One of my favorite lines is a somewhat cynical quip from a television character. He said, (at least as it was written for him,) “If you speak to G-d, you’re religious. If He speaks to you, you’re psychotic.”
The joke is based on the fact that though many people daven to Hashem, none would be crazy enough to think He actually responds, right? And I don’t mean that He answers the prayers by making things happen that you’ve asked for, because I think most of us will agree that He does that. Those who do hear Him speak to them may have an issue that could require medical attention, or some time to sleep off whatever is affecting them. But that’s not what I’m discussing.
What I’m talking about is an actual response saying, “Yes, I heard you. I am listening and involved with your life.” We don’t even hear Hashem say “No,” or laugh when we ask to win the lottery for the umpteenth time and promise all sorts of charity if we do.
I think we’d all be in agreement that we don’t have prophets who can hear Hashem talking to them, and that we’re not likely to have a dream in which Hashem appears to us and tells us a specific message.
But does He ever send you hints? Not like you see some numbers and that’s what you buy for your lottery tickets, but something that lets you know He is there with you? I submit that He absolutely does and that if we train ourselves to see them, we’ll pick up the subtle clues that Hashem is an active part of our lives.
I’ll give you an example. A few weeks ago, I wrote about saying thank you to people. Not because you have to be polite and say it, but because you’re actually thinking of them and reflecting on the benefit you received from their actions, even if they didn’t intentionally do them for you.
I was telling someone the story of how the fellow I thanked for sponsoring a sefer called to thank me for thanking him, and suddenly, I noticed that the car in front of me had a bumper sticker from some school or college that I’d never heard of. At least, I imagine it’s an institution of higher learning because it was laid out in a way that universities do.
What was so unusual about that? The name of the school I’d not heard of before was the same as the name of the father in whose honor the book was dedicated! It struck me as a “nod from G-d,” a small gesture from Hashem that He and I are on the same page.
Speaking of being on the same page, how many times do we find that the Daf Yomi contains something relevant to what’s going on that day or week? Quite often! When we do, I’m sure many people smile with satisfaction appreciating this “coincidence,” which is anything but. It’s all part of the plan to let us know we’re in contact with Hashem.
I’ve often found connections between two different things I was learning and I take it as a loving sign that Hashem is joining in on those study sessions and shiurim. He weaves those little threads together to show me that He’s happy I’m learning. And get this one:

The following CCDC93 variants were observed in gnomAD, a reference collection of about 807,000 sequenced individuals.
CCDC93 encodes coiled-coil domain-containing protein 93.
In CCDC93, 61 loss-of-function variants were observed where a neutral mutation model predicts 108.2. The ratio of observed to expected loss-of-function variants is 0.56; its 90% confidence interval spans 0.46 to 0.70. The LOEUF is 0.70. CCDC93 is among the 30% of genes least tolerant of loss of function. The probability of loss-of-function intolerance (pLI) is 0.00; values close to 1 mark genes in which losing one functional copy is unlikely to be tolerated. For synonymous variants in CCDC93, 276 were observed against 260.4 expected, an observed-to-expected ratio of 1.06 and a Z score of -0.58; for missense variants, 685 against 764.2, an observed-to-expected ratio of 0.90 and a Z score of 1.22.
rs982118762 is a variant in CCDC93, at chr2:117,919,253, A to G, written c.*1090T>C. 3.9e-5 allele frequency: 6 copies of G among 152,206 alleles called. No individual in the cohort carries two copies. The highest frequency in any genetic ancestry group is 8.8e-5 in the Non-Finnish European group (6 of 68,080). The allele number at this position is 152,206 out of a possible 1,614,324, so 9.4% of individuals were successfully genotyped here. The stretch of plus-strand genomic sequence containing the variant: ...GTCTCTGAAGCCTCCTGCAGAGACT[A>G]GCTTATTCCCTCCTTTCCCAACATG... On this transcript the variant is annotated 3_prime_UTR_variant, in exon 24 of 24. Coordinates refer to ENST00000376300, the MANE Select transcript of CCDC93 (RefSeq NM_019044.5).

I was writing my weekly Parsha sheet, and chose a topic that involved the trumpets sounded when the Jews went into battle. Perhaps a slightly obscure topic, but I found a lesson in it and decided to expand on the concept. Soon afterwards, I had to pause my writing in order to pick up my daughter from an appointment.
When I got into the car, my phone connected to the stereo via Bluetooth and began playing a song. I’m not big on music; my kids control the playlists and song titles. The volume wasn’t even very high but then I looked down and noticed the name of the song playing. It was called “Hariyu,” and referred to a posuk in Tehillim (98) about blowing trumpets before Hashem,
Not only was it connected to the trumpets for blowing, but the lesson I was bringing out was precisely about the fact that it must be “before Hashem,” as Dovid HaMelech wrote!
At that moment, I felt validated. My efforts earned me a wink from my Heavenly Father; an acknowledgement that I was on the right path. Just as the bumper sticker let me know that I was right for thanking the fellow, I could feel Hashem communicating with me.
We might experience this other times, too. Like if we’re about to say something we shouldn’t and we bite our cheek inadvertently. It’s Hashem reminding us that He’s in the moment. Sometimes it’s more subtle, and it’s a phrase we overhear, or a glimpse we get of something that triggers a connection to the thoughts in our brains. But it’s there. He DOES speak to us.
No, Hashem doesn’t speak to us as He did to Moshe or even to the other Nevi’im. But don’t ever believe that He isn’t communicating with us frequently, using signs or signals that aren’t too obvious, but nevertheless remain, a distinct nod from G-d.
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